NPH was first launched in 1946 in Denmark by Novo Nordisk as the first longer-lasting neutral pH insulin for human use. "Hagedorn", was the chief scientist who invented it.
The difference between NPH/isophane insulin and PZI insulin is the amount of protamine in the suspension. PZI has more of it and this is what makes it a slow-acting insulin, in contrast to NPH/isophane being an intermediate-acting (or in some cats, short-acting) one, as the additional protamine extends the duration.
Specifications of NPH/isophane insulinEditBritish National Formularydefines this type as: A sterile suspension bovine or porcine or of human insulin in the form of a complex obtained by the addition of protamine sulphate or another suitable protamine.
British Pharmacoepia and United States Pharmacopia definitions:
Sterile buffered suspension of insulin in the form of a complex obtained by addition of suitable protamine. Prepared from crystalline insulin. pH 6.9 - 7.5 iso-osmotic with blood. Contains for each 100 units of insulin, 300 - 600 g protamine sulphate and not more than 40 g zinc, a suitable bactericide and sodium phosphate as buffering agent.
USP specification: Sterile suspension of zinc insulin crystalline and protamine sulphate in buffered water for injection. Solid phase contain crystals of insulin
protamine and zinc; 40, 80, 100 units/ml. Contains glycerol, metacresol, phenol sodium phosphate and zinc.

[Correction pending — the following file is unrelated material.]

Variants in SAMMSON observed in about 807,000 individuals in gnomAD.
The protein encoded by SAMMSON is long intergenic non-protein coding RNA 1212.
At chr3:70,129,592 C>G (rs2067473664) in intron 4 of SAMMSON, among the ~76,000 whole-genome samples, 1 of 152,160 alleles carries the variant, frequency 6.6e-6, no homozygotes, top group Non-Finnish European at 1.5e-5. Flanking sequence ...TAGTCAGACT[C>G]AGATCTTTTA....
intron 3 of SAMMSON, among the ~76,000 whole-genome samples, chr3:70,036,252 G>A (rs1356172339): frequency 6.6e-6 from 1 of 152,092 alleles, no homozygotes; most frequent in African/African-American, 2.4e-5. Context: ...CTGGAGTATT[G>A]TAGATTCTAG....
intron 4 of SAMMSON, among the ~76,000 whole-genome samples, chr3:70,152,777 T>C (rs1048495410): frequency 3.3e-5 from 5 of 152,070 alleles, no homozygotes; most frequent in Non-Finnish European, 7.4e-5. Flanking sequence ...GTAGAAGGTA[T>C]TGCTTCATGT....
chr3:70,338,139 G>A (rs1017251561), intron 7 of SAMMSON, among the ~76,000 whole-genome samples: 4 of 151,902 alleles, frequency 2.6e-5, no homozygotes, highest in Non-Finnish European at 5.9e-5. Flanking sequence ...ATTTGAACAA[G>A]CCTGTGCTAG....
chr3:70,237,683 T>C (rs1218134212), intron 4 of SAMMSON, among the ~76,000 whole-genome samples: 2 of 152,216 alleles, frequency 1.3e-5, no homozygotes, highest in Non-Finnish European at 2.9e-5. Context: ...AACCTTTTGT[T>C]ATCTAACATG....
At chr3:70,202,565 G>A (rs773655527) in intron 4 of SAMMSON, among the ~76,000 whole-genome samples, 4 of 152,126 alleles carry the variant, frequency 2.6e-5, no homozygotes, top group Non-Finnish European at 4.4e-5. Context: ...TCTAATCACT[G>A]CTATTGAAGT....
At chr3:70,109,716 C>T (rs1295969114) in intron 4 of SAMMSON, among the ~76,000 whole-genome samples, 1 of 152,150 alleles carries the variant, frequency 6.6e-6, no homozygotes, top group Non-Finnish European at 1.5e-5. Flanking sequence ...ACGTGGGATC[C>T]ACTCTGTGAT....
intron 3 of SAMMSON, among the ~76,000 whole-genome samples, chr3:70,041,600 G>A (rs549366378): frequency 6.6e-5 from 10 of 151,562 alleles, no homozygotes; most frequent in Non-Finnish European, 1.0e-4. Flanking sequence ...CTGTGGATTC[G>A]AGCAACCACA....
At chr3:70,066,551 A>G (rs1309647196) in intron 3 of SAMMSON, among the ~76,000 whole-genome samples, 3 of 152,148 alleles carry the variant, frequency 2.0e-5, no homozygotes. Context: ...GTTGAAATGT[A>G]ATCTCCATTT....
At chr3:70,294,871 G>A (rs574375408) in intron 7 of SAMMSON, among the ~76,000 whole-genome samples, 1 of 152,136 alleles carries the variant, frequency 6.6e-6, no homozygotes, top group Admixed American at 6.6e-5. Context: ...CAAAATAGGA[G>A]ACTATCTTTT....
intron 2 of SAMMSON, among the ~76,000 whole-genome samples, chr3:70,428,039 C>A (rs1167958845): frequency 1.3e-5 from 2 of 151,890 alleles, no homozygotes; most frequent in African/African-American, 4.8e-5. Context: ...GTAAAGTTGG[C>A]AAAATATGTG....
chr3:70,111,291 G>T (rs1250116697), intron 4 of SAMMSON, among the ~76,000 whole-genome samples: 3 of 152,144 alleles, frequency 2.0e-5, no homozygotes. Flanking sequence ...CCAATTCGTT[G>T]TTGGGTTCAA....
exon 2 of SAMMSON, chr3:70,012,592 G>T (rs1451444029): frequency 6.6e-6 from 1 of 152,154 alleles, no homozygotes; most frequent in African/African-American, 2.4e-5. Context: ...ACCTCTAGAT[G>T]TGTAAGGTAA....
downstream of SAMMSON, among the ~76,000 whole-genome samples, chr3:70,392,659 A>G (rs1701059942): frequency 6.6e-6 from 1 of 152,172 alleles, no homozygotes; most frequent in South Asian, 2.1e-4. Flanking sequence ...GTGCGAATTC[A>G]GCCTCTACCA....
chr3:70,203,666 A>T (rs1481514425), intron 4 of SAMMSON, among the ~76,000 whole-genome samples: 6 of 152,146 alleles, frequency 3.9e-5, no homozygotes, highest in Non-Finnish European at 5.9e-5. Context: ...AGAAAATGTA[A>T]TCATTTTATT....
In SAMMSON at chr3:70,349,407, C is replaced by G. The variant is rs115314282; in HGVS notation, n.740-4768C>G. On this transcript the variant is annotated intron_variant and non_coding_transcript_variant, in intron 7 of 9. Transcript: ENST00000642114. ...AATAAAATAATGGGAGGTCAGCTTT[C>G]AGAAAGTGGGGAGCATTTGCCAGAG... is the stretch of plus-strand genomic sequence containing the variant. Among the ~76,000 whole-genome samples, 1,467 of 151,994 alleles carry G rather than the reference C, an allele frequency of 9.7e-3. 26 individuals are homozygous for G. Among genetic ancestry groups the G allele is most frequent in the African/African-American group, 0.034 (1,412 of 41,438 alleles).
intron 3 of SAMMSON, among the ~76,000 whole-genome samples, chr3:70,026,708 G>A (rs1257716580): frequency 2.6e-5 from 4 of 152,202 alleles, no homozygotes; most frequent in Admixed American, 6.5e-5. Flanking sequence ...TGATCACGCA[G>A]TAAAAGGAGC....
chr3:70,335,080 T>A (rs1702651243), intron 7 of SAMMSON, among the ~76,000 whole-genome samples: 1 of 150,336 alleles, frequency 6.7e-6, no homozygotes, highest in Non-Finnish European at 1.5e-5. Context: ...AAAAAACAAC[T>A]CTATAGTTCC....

Additional detailsEditNPH is the most widely used type of insulin for treatment of diabetic dogs, but is shorter-acting and less predictable in cats. With a peak of 1.5-6 hours and duration of 4-10 hours, if it is successfully used, twice-daily dosing is a must. See also Humulin N 101 for Cats at link below.
This 1987 study of direct comparisons between R and NPH insulins in dogs, found R insulin to be absorbed better than NPH and suggests that NPH insulin may have an earlier peak and shorter duration than previously thought.
The following commercial insulins are all generically NPH insulins:
|Hypurin Bovine Isophane|
|Iletin I NPH|
(No longer produced.)
|Hypurin Porcine Isophane|
Hypurin Pork NPH
|Iletin II NPH|
(No longer produced.)
|Humulin N, Humulin I|
|Novolin N, Insulatard|
ReliOn/Novolin NPH, Protaphane
Other commonly used names are:
- NPH insulin, NPH
- isophane insulin
- Wiki cases--Feline NPH-isophane users
- Absorption Kinetics of Regular (Neutral), Isophane (NPH), and Protamine Zinc Insulin (PZI) in Normal Cats-Domestic Animal Endocrinology-1990
- Insulin Therapy in Cats With Diabetes Mellitus--JAVMA-1983
Contains peak, onset & duration information for NPH/isophane & PZI insulins in cats.
- Insulin Therapy in Cats with Diabetes Mellitus-JAVMA-1983
Some feline Time Activity information re: NPH/isophane & PZI insulins.
- Wiki cases--Canine NPH-isophane users
- Absorption Kinetics of Regular (Neutral) & Isophane (NPH)Insulin in the Normal Dog-Domestic Animal Endocrinology-1987
- The Use of Isophane (NPH) Insulin for the Control of Diabetes Mellitus in Dogs-Acta Vetinaria Scandinavia--1992
- InChem--with information on NPH/isophane insulins.
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- ↑ Selecting an Insulin for Treatment of Diabetes Mellitus in Dogs 7 Cats-Nelson-Page 41
- ↑ British National Formulary-Isophane/NPH Insulin Definition
- ↑ British Pharmacoepia (BP) & United States Pharmacoepia (USP)-Isophane/NPH Insulin Defined
- ↑ BD Diabetes-Insulin Choices for Cats
- ↑ BD Diabetes-Insulin Choice for Dogs
- ↑ Ask the D Team-2002- Some People Find it Inconsistent Also
- ↑ International Journal of Pharmaceutical Compounding-Page 3
- ↑ Humulin N 101 For Cats-Gorbzilla.com
- ↑ Absorption Kinetics of Regular (R)/(Neutral) & Isophane (NPH) Insulin in the Normal Dog-Domestic Animal Endocrinology-1987